Parrying is a maneuver only available when using melee weapons, and even then, the Player must be Skilled in the use of that weapon in order to use the maneuver.  It is a Strength based maneuver, and any Skill points put into the use of that weapon are applied.  In the event of a Minimum Success, the defender takes half damage, while an Average Success indicates no damage.  A Great Success results in no damage, and the defender is allowed a counterattack, and the victim of that counterattack may only Soak the damage.

Grog gives a yell, enraged by the sight of his own blood, swings the street sign over his head before bringing it down in a crushing attack.  He rolls a 17, resulting in a Distance of 1.  Marcus raises the metal shard above his head in an attempt to divert the blow, and rolls a 4, and with the 3 points he put into the weapon's use, he has a modified roll of 1.  His Strength is a 14, resulting in a Distance of 13, and a Difference of 12 in his favor, a Degree of Great Success.  The pole meets the blade and skitters down its length before crashing to the ground beside Marcus, who is able to use the momentum to swing at Grog's exposed side.  He rolls a 4, applies his 3 Skill points for a Modified roll of 1, and with his Strength of 9, he has a Distance of 8.  Grog rolls a 12, though, and his stop sign's remaining Armor Rating of 1 gives him a Modified Roll of 11, resulting in a Distance of 3 compared to his Constitution of 14.   The end result is a Difference of 5, in Marcus' favor, an Average Success.  Grog's stop sign bears the brunt of the blow, but Marcus still draws blood.  Grog suffers half damage, and the stop sign is now useless as armor.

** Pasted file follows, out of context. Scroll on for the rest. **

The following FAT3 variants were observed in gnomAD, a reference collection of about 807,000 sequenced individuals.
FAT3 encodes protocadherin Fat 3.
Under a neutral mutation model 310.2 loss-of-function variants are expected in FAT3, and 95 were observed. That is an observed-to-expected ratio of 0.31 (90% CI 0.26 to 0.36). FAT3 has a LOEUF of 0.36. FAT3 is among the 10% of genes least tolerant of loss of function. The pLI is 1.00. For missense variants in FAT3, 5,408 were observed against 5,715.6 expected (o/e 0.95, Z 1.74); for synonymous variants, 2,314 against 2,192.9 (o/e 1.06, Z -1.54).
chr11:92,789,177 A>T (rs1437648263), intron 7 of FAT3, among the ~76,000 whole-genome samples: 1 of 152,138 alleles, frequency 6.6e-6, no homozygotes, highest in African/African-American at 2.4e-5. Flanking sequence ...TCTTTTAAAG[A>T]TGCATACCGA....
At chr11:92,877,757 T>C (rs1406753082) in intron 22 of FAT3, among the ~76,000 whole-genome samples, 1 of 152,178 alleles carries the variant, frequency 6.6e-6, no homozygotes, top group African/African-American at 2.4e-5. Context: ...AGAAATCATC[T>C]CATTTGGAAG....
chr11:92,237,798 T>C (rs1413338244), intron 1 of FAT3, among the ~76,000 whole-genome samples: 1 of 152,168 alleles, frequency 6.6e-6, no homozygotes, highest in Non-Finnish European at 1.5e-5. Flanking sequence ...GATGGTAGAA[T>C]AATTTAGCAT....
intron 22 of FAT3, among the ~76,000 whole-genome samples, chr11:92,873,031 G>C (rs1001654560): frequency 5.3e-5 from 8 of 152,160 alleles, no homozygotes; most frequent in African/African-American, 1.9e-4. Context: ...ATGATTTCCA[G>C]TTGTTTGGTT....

Three Days Remain!

No, this isn't a Mayan Apocalypse thing, there are only three days left in the Morrow Project Kickstarter!  One of the original post-apocalyptic RPGs,

I played this a few times when I was but a lad.  I'm not sure how much was the setting and how much was the GM, but it played like a cross between Gamma World, Twilight 2000 and Paranoia.  Even though my group only played it a handful of sessions before moving on, I've always held it in high regard.